The world's favorite sport has come to Brazil and many Americans still aren't too impressed. Soccer, or football for the rest of the world, is not so popular in the U.S. and the World Cup is not about to be confused with the Super Bowl. The sport is simply not that popular in the United States.
There are many exciting athletes that play the game and some exciting plays are sure to be made throughout the Cup, but many Americans will not be tuning in. The indifference to the sport might have to do more with the popularity of the other sports that Americans embrace and what many Americans perceive as glaring weaknesses in the sport itself.
Sports in the United States are about scoring and making touchdowns, hitting buzzer beating shots, grand slams or even hat tricks. Soccer has very little of that and also is battling the following 10 issues Americans currently have with the sport.
10 No Major USA Wins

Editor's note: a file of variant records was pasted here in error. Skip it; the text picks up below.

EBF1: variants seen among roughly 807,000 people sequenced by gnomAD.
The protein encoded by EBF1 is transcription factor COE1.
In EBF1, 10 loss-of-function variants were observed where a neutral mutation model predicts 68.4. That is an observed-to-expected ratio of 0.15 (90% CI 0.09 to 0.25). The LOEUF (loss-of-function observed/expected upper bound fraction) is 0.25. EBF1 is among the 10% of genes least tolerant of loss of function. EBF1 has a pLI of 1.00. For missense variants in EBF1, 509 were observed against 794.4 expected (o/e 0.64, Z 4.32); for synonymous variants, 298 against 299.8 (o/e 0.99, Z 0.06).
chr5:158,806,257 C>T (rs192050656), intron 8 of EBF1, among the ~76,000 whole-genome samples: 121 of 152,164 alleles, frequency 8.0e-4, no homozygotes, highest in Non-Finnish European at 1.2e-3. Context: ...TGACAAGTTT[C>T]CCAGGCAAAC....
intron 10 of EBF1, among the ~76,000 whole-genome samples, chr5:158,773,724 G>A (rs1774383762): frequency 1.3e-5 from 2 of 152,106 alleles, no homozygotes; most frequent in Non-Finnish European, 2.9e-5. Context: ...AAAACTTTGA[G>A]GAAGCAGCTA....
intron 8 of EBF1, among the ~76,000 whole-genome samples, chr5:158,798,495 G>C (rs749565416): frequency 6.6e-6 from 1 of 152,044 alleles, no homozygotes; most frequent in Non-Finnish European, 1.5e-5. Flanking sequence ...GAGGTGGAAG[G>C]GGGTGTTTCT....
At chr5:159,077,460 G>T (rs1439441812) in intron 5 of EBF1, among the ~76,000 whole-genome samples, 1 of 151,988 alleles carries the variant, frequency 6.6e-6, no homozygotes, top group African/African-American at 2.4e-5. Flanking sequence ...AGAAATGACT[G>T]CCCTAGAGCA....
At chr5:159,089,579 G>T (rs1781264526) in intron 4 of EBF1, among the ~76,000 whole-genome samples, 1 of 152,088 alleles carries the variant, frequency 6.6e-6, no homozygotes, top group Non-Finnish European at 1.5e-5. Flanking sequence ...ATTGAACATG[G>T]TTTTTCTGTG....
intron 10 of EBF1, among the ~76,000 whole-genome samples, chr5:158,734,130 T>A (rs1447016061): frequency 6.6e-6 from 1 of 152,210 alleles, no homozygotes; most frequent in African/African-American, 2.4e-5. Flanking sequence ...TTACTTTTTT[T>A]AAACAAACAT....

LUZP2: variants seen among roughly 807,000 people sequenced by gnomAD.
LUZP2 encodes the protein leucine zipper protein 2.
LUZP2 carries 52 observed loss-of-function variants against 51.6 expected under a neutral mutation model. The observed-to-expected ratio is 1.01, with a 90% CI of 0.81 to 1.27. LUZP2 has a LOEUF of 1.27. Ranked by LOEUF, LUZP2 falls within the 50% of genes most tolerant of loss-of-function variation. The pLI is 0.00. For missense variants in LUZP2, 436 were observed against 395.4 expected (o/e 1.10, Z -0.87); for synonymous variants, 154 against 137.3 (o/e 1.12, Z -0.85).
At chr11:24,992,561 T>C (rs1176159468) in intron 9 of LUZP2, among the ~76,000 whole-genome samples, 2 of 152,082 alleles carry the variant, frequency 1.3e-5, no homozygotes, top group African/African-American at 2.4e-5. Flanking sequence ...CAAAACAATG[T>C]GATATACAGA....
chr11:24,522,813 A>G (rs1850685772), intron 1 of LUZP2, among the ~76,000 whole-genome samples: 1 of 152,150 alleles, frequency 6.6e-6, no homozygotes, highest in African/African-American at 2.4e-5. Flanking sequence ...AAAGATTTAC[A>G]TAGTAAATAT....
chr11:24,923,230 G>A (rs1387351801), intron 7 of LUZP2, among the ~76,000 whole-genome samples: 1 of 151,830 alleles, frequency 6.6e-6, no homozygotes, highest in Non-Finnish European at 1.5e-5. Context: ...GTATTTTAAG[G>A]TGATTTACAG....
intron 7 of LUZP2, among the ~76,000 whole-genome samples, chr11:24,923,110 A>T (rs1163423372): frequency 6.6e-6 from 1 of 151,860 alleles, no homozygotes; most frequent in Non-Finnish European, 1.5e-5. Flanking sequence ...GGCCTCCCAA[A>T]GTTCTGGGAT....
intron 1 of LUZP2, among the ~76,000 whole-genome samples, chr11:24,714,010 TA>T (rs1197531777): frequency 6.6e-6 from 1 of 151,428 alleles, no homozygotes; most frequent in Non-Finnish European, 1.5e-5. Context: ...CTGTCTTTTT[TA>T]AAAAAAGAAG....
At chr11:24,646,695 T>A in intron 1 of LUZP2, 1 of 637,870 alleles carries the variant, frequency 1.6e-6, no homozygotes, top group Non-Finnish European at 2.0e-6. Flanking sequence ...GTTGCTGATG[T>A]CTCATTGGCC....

Americans love winners and teams like the Yankees, Cowboys, Celtics and Lakers have been consistent winners through the years. Even the U.S. Hockey team was able to win at the Lake Placid Olympics in 1980. The U.S. Soccer team has yet to achieve any such milestone win and trails the world's best by leaps and bounds. This does not bode well for the popularity of the sport in the United States.
They are a country with many athletes, countless sports junkies and plenty of fertile ground for soccer to establish itself. However, having no major American victories only slows it down. Women's soccer has made incredible strides thanks to many noteworthy victories against countries that have just started to develop their women's sports programs as well. The U.S. is on an even playing field in this respect and has enough quality female athletes to play the sport. Young girls see this on TV, while young boys see defeat after defeat.